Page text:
When you’re doing aerobic activity, such as walking or biking, exercise intensity correlates with how hard the activity feels to you. Exercise intensity is also shown in your breathing and heart rate, whether you're sweating, and how tired your muscles feel. The two basic ways to measure your exertion is by how you feel, and your heart rate. You can use either way of gauging exercise intensity. If you like technology, a heart rate monitor might be a useful device for you. If you feel you're in tune with your body and your level of exertion, you likely will do fine without a monitor. While engaged in moderate activity your breathing quickens, but you’re not out of breath. You develop a light sweat after about 10 minutes of activity and you can carry on a conversation but you can’t sing.
Everyone responds to a new exercise routine differently. When you first start exercising, the physical changes that you go through and indicators that you’re physically improving tend to be quite distinct. Some signs that it’s time to increase your intensity are if it feels too easy; you find yourself going through the motions without much effort. If your heart rate isn’t going up like it used to, or you can even carry a conversation through the whole workout. If you’re dreading your workout or can’t wait for it to be over, it might be time to switch it up.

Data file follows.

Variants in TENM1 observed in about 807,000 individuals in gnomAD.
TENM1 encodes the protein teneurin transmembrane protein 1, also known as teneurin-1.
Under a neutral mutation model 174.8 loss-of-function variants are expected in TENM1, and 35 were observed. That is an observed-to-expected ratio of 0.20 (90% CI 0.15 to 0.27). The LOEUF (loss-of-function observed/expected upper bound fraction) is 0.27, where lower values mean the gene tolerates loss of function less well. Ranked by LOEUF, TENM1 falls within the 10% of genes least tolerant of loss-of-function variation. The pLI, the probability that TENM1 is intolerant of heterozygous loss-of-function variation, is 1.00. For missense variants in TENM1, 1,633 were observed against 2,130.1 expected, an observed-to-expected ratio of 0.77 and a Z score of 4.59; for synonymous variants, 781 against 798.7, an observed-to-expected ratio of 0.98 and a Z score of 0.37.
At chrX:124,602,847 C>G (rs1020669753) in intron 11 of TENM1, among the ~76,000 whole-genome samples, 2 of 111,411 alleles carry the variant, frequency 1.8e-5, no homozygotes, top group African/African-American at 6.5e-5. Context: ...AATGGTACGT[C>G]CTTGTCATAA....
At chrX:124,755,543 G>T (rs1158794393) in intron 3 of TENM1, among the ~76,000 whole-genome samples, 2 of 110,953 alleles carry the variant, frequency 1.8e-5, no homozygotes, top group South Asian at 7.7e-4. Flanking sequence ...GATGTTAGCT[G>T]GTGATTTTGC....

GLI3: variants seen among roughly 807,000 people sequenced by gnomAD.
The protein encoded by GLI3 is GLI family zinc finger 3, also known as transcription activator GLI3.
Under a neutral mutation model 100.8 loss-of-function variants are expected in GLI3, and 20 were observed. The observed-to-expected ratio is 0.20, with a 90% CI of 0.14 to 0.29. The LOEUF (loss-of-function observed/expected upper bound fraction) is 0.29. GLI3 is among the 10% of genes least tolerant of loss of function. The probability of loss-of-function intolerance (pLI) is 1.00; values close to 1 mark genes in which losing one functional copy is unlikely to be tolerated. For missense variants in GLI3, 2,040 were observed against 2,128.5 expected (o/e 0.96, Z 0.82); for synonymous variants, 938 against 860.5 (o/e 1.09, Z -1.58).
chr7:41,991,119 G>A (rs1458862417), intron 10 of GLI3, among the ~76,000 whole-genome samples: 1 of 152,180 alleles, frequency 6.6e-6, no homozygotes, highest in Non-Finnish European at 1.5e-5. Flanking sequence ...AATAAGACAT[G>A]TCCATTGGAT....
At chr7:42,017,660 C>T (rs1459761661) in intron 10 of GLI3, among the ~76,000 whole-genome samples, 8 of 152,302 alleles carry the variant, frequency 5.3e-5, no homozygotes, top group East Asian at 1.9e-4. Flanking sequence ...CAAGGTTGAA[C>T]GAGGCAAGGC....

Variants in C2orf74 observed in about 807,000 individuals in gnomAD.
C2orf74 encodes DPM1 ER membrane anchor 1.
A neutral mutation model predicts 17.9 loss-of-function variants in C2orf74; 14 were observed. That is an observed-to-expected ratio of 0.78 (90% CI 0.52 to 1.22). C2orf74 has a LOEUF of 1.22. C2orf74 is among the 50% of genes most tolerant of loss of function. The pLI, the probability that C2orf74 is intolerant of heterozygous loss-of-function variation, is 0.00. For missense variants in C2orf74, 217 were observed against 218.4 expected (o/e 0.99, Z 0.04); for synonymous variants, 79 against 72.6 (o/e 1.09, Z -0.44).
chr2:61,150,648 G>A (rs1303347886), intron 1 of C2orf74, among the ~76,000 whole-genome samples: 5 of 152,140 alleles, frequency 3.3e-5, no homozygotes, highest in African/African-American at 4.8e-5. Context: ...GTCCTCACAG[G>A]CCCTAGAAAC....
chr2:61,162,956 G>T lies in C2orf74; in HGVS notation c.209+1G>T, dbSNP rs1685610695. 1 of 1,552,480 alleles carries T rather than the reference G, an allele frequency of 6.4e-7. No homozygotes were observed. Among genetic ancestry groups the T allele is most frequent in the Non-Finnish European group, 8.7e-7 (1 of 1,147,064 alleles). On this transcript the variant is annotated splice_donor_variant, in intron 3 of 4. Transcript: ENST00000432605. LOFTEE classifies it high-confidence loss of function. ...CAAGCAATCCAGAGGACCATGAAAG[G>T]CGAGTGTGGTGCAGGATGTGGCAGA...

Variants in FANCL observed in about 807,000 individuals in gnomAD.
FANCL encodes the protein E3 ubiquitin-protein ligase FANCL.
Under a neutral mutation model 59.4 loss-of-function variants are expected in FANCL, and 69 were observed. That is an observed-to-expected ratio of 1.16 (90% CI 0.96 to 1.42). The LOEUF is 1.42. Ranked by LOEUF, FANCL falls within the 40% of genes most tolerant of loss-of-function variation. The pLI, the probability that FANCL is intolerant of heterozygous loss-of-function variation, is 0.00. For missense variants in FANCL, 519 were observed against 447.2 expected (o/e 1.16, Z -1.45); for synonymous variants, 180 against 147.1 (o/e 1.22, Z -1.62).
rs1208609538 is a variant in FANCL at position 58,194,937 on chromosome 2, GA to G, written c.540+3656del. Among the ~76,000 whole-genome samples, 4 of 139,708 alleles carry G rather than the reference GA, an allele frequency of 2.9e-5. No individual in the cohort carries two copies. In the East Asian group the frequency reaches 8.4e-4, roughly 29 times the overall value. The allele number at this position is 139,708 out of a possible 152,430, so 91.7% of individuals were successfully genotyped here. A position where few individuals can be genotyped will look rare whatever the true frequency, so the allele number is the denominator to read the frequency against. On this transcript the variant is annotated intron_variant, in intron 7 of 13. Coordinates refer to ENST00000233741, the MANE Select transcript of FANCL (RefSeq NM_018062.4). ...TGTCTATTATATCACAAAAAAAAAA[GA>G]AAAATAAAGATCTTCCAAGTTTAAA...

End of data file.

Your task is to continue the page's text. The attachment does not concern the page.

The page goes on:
For more information and original publication: http://www.mayoclinic.org/healthy-lifestyle/fitness/in-depth/exercise-intensity/art-20046887?pg=2 and http://www.discovergoodnutrition.com/2014/08/increase-workout-intensity/